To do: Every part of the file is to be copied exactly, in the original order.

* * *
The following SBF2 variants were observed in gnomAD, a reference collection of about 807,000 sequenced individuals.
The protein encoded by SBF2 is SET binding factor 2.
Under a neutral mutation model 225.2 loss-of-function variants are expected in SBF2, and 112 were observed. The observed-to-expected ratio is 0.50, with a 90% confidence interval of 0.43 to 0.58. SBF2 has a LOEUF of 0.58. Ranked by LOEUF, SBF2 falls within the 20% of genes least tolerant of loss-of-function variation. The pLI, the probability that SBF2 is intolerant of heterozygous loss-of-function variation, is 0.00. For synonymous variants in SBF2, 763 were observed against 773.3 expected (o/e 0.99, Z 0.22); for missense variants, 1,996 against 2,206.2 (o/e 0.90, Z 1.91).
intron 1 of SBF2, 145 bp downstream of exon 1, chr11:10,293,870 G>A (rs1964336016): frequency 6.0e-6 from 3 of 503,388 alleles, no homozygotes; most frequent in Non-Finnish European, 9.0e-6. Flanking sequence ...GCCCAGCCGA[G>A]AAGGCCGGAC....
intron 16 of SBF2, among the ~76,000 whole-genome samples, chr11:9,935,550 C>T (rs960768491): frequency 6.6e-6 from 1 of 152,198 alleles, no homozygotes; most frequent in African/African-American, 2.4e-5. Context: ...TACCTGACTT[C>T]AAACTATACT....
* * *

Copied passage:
The following SBF2 variants were observed in gnomAD, a reference collection of about 807,000 sequenced individuals.
The protein encoded by SBF2 is SET binding factor 2.
Under a neutral mutation model 225.2 loss-of-function variants are expected in SBF2, and 112 were observed. The observed-to-expected ratio is 0.50, with a 90% confidence interval of 0.43 to 0.58. SBF2 has a LOEUF of 0.58. Ranked by LOEUF, SBF2 falls within the 20% of genes least tolerant of loss-of-function variation. The pLI, the probability that SBF2 is intolerant of heterozygous loss-of-function variation, is 0.00. For synonymous variants in SBF2, 763 were observed against 773.3 expected (o/e 0.99, Z 0.22); for missense variants, 1,996 against 2,206.2 (o/e 0.90, Z 1.91).
intron 1 of SBF2, 145 bp downstream of exon 1, chr11:10,293,870 G>A (rs1964336016): frequency 6.0e-6 from 3 of 503,388 alleles, no homozygotes; most frequent in Non-Finnish European, 9.0e-6. Flanking sequence ...GCCCAGCCGA[G>A]AAGGCCGGAC....
intron 16 of SBF2, among the ~76,000 whole-genome samples, chr11:9,935,550 C>T (rs960768491): frequency 6.6e-6 from 1 of 152,198 alleles, no homozygotes; most frequent in African/African-American, 2.4e-5. Context: ...TACCTGACTT[C>T]AAACTATACT....